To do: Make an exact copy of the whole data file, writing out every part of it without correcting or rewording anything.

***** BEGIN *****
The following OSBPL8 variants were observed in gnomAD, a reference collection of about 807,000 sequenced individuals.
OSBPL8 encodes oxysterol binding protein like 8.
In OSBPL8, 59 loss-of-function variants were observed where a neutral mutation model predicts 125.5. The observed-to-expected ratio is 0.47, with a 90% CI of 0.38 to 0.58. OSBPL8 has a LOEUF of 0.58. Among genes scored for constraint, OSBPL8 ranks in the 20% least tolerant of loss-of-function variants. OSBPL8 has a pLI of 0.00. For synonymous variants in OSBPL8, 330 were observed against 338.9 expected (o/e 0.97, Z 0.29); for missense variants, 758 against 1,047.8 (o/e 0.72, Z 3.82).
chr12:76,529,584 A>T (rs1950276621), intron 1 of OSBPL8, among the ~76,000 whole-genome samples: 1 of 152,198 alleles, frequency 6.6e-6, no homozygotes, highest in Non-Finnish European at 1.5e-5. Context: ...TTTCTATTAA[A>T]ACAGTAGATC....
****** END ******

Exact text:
The following OSBPL8 variants were observed in gnomAD, a reference collection of about 807,000 sequenced individuals.
OSBPL8 encodes oxysterol binding protein like 8.
In OSBPL8, 59 loss-of-function variants were observed where a neutral mutation model predicts 125.5. The observed-to-expected ratio is 0.47, with a 90% CI of 0.38 to 0.58. OSBPL8 has a LOEUF of 0.58. Among genes scored for constraint, OSBPL8 ranks in the 20% least tolerant of loss-of-function variants. OSBPL8 has a pLI of 0.00. For synonymous variants in OSBPL8, 330 were observed against 338.9 expected (o/e 0.97, Z 0.29); for missense variants, 758 against 1,047.8 (o/e 0.72, Z 3.82).
chr12:76,529,584 A>T (rs1950276621), intron 1 of OSBPL8, among the ~76,000 whole-genome samples: 1 of 152,198 alleles, frequency 6.6e-6, no homozygotes, highest in Non-Finnish European at 1.5e-5. Context: ...TTTCTATTAA[A>T]ACAGTAGATC....